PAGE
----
Piaget's Developmental Stages

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by clawsonb
Last updated 7 years ago

Social Studies

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Piaget's Developmental Stages

- Ages birth-2-During this stage babies and young children explore the world by using thir senses and motor skills. - All infants have inborn behaviors called refelxes, whom later on learn to use to produce more interesting and intentional patterns of behavior.- What most of us would call "thinking" appears now. - Another hallmark development of this stage is object permanence (understanding that an object exists even if it is out of sight). - Once they realize that things exist out of sight, children can start using symnbolds to represent these things in their minds so that they can think about them.

Preoperational Stage

Formal Operational Stage

- Ages 11-aulthood- The preadolescent begins to be able to think abstratctly and to see possibilites beyond the here and now. - These abilities conitnue to develop into adulthood. - With the formal operational stage comes the ability to deal with potential or hyopthetical situations; the form is now sperate from the content.


Sensorimotor Stage

Stages of Development

Stage 1: Sensorimotor StageStage 2: Preoperational StageStage 3: Concrete OperationalStage 4: Formal Operational

- Ages 2-7- During this stage, children have greater ability to think about things and can use sybols to mentally represent objects. - Most children misunderstand the principle of conservation which is the concept that certain propreties of an object remain the same regardless of changes in the other properties).- One characteristic is centration: paying attention to only one aspect of a situation. - Another characteristic of the preoperational child's thinking is a foccus on states. - FInally, peroperational children are egocentric in their thinking. they bleive that everyone sees the world exactly as they do.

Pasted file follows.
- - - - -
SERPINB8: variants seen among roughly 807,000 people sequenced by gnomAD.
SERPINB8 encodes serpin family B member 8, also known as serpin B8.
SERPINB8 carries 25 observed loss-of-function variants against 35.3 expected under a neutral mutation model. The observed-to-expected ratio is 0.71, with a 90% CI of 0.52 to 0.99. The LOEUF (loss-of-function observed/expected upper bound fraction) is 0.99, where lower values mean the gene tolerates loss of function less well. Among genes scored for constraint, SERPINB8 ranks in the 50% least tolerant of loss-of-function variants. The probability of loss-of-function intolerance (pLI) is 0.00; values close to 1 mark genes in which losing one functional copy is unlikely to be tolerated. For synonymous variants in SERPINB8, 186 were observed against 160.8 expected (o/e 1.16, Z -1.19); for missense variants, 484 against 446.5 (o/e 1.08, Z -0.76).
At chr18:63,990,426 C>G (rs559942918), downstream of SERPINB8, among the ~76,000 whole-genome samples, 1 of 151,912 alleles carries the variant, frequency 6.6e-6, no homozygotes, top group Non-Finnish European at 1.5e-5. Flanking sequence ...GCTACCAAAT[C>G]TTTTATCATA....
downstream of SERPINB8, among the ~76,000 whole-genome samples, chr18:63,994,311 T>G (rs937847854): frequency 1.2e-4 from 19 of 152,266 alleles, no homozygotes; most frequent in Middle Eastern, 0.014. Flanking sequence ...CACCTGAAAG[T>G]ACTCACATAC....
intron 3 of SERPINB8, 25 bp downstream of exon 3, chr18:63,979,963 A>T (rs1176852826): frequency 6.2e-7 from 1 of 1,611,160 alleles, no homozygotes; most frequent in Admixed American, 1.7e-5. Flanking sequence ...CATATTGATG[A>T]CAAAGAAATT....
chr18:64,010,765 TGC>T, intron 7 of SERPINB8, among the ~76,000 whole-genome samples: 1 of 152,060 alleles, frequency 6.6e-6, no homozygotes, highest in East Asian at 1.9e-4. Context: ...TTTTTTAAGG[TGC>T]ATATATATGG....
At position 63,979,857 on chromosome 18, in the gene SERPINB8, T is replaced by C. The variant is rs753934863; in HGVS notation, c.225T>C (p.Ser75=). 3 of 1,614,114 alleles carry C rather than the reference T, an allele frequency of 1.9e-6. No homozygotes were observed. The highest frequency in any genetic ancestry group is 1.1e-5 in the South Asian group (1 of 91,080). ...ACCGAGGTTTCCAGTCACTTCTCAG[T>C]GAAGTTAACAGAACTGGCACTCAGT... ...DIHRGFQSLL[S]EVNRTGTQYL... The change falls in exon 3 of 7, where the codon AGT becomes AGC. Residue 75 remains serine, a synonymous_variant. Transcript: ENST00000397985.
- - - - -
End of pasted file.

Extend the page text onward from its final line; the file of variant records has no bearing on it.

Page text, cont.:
- Ages 7-11- Stage at which children develop the capacity for logical reasoning and understanding of conservation. - During Elementary school years, children's cognitive abilites undergo dramatic changes. They no longer have difficulties with conservation problems because they have aquired the concept of reversibility- Inferred reality is seeing things in the context of other meanings. - One important task the children learn during this stage is seriation, or arranging things in a logical progression. - Transitivity is a skill learned during this stage and they can mentally arragnge and compoare objects. - Children move from egocentric to decerented thought.

Piaget's Congnitive Development

Conservation in Action!


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